Wednesday, May 1, 2013

Reformed Performer

I am a performer.

My stage is not in Hollywood, California or in an off-Broadway theatre on the streets of New York. Rather, it was in my classrooms growing up. But I wasn't the class clown. I was the hard-worker. I sat in the front row, listened attentively, and turned beet red if I ever got in trouble. One day in sixth grade, I almost got detention for chewing gum.

I thought my world had ended. What would my parents say of my actions?

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I am a director.

My stage doesn't have bright lights or movie cameras. There isn't a star sign on my dressing room door. No, my stage now is in my own house and I find myself using a director's voice more than a doting mother's tone most of the time.

I am a performer and a director. I expect things to move like clock-work, for people to say their lines, to be where they are supposed to be. "Do not diverge from the script!" I might say. Going off the beaten path, striking out on your own, unconformity, no that is not me.

I perform so that you will like me. I perform so you will think I am good. I perform so that I can get your accolades. I may not come off as a diva, but it's all a selfish facade, just the same.

I direct because I want it my way. Don't change the plan. I don't like to feel uncomfortable. I don't like not knowing what comes next.

One day, I thought I must have been looking in the mirror, except for the fact that there was no shiny surface. But I was still seeing myself. In my daughters.

You see, one has become a performer (but with more dramatic flair) and one has become a director. And they both want their way, just like their mother.

It's too bad my way and there ways are not the same way.

But there is hope. It involves some role changes and a different script. But my girls are not the only ones that have to drop the diva act.

I do, too.

And I have to give up my seat in the director's chair, letting Jesus move in, with His Word as the megaphone that resonates in our hearts.

With Him running the show, there seems to be a lot less demands for perfection. There is more grace for the impromptu changes that are simply a part of life. Forgiveness flows more freely and judgment cast aside.

The unscripted life allows for our true character to emerge and Jesus molds our heart to His way. We end up shining more brightly than the likes of me could ever plan and arrange.

Somewhere along the way, He changes our selfish ways to selfless ways, where compassion flows and people take notice.

It's not a performance, but it still feels like a dance.

Conversation starter: Can you resonate with the title of "performer" and/or "director?" How so? How do you work to allow Jesus to work in your family life to keep Him as the One ultimately in charge?

Jen is passionate about Jesus and walking in community with sisters in Christ to better know Him and make Him known to the world. While there are many facets to her life, she actively tries to live without labels so to live in the fullness of who God created her to be. She will encourage other women to do the same as she speaks and writes for His glory. She lives outside of Austin, Texas with her husband, two little girls, and her running partner, Hank the Cow Dog. Jen is the founder of the s(He) Listens and writes at Finding Heaven Today.  You can find her on Facebook and Twitter.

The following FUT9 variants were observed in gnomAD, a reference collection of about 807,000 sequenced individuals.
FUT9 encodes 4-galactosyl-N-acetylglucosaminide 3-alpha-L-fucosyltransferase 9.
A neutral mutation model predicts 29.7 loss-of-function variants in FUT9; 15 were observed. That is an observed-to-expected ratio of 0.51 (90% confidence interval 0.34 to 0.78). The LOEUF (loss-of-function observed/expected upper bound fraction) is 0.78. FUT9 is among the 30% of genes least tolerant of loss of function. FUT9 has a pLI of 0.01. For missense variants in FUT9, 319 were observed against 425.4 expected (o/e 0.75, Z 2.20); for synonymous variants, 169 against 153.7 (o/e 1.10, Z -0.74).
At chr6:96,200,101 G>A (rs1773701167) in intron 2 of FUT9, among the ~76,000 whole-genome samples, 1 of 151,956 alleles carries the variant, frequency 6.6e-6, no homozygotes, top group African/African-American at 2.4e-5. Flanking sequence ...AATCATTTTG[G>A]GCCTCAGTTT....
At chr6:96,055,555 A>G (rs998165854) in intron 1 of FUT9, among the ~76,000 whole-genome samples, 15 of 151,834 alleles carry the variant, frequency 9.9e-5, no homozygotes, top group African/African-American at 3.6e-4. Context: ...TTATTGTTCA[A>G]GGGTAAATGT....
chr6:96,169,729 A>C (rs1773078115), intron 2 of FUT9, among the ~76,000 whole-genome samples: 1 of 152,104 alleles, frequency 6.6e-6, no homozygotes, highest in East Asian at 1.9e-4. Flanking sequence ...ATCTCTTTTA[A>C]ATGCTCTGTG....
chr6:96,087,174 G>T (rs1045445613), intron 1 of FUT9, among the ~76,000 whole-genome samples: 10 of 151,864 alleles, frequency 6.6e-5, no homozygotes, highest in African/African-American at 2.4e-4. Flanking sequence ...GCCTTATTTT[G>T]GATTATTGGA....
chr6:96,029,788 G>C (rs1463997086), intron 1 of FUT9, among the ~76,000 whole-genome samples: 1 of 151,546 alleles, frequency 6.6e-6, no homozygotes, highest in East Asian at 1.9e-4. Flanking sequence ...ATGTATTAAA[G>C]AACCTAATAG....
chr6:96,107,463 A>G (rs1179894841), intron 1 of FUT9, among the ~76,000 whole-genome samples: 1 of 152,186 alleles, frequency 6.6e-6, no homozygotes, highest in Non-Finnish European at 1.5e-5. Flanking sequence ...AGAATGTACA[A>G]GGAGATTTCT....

1. Jen, thank you for posting today. This is such beautiful and timely encouragement.

  2. Ahh the many masks we make to get through life. Fake it until you make it, right? And Lord have mercy if someone upsets all my control. ha! But if I take off my mask I am more vulnerable right? you might hurt me or make fun of me???

    The longer I live I am certain our human struggle to control everything is the root of all sin.

    Great post, Jen!

  3. Oh, Jen, I, too, am a retired performer. The whole idea of surrendering the script used to petrify me. Now I'm afraid that I'll miss the better story because I'm clinging to mine... it's been a process, but I'm learning to pass the pen to the Author of Life!

  4. I told you we were twins separated at birth!!! Love ya, Michelle

  5. I TOLD you we were twins separated at birth!!! Love ya! Michelle

  6. Both you of speak about the sin of trying to control. I so agree. Every day I pray that I get closer to letting it all go ... into His hands.

  7. Jen, this is AWESOME!! If I didn't know better, I'd have thought I was reading about myself, and my daughters!! Two phrases in particular - "...its all a selfish facade...", and "Don't change the plan.....I don't like not knowing what comes next." How true, how true.....thanks for posting this eye-opener. And I'm so tickled that you're guest-posting on Jen Metzger's blog - you are two of my favorites!! :)


  8. Jen, this is AWESOME! If I didn't know better I'd think I was reading about myself and my daughters! Two phrases specifically: "...its all a selfish facade..." and "Don't change the plan.....I don't like not know what's coming next." Thanks for posting this eye-opener. And I'm so excited you're guest-posting on Jen Metzger's blog - you are two of my favorite people!! Love ya!


  9. Jen, this is AWESOME! Its as if I'm reading about myself and my girls!! Thanks for this eye-opener, and I'm so glad you're guest-posting on Jen Metzger's blog - you are two of my favorite ladies!! Love ya!

  10. Totally a recovering director. I came from a family of directors so breaking the cycle is my purpose in life :) I find that directors have expectations that are usually unspoken and that others should be able to "read." You're right: controlling is a sin.


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